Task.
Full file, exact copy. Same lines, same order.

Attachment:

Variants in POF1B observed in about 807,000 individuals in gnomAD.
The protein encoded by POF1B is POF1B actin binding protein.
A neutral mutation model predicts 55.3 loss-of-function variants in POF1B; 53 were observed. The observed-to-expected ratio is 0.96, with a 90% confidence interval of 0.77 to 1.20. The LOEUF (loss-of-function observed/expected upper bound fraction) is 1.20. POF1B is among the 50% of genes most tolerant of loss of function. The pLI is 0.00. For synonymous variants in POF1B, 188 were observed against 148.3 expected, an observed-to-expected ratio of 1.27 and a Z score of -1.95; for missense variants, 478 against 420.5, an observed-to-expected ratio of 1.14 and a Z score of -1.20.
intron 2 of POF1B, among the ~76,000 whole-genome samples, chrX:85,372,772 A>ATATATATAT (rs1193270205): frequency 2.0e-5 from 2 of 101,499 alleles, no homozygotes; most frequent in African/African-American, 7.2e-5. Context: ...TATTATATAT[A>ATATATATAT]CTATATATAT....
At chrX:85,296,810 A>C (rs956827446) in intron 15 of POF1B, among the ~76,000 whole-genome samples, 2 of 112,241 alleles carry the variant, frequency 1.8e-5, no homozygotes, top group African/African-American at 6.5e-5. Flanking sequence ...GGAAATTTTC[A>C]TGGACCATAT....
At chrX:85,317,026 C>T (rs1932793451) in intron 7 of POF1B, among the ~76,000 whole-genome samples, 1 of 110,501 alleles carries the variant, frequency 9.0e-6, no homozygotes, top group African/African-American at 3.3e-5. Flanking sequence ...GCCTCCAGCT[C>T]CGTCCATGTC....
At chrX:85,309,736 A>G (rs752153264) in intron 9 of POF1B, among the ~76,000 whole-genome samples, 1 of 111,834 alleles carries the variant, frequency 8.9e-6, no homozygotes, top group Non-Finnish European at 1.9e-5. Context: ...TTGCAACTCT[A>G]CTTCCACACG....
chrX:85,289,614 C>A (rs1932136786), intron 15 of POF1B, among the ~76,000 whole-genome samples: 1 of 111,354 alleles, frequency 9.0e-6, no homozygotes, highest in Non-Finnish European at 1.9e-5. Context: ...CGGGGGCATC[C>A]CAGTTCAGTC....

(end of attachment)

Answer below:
Variants in POF1B observed in about 807,000 individuals in gnomAD.
The protein encoded by POF1B is POF1B actin binding protein.
A neutral mutation model predicts 55.3 loss-of-function variants in POF1B; 53 were observed. The observed-to-expected ratio is 0.96, with a 90% confidence interval of 0.77 to 1.20. The LOEUF (loss-of-function observed/expected upper bound fraction) is 1.20. POF1B is among the 50% of genes most tolerant of loss of function. The pLI is 0.00. For synonymous variants in POF1B, 188 were observed against 148.3 expected, an observed-to-expected ratio of 1.27 and a Z score of -1.95; for missense variants, 478 against 420.5, an observed-to-expected ratio of 1.14 and a Z score of -1.20.
intron 2 of POF1B, among the ~76,000 whole-genome samples, chrX:85,372,772 A>ATATATATAT (rs1193270205): frequency 2.0e-5 from 2 of 101,499 alleles, no homozygotes; most frequent in African/African-American, 7.2e-5. Context: ...TATTATATAT[A>ATATATATAT]CTATATATAT....
At chrX:85,296,810 A>C (rs956827446) in intron 15 of POF1B, among the ~76,000 whole-genome samples, 2 of 112,241 alleles carry the variant, frequency 1.8e-5, no homozygotes, top group African/African-American at 6.5e-5. Flanking sequence ...GGAAATTTTC[A>C]TGGACCATAT....
At chrX:85,317,026 C>T (rs1932793451) in intron 7 of POF1B, among the ~76,000 whole-genome samples, 1 of 110,501 alleles carries the variant, frequency 9.0e-6, no homozygotes, top group African/African-American at 3.3e-5. Flanking sequence ...GCCTCCAGCT[C>T]CGTCCATGTC....
At chrX:85,309,736 A>G (rs752153264) in intron 9 of POF1B, among the ~76,000 whole-genome samples, 1 of 111,834 alleles carries the variant, frequency 8.9e-6, no homozygotes, top group Non-Finnish European at 1.9e-5. Context: ...TTGCAACTCT[A>G]CTTCCACACG....
chrX:85,289,614 C>A (rs1932136786), intron 15 of POF1B, among the ~76,000 whole-genome samples: 1 of 111,354 alleles, frequency 9.0e-6, no homozygotes, highest in Non-Finnish European at 1.9e-5. Context: ...CGGGGGCATC[C>A]CAGTTCAGTC....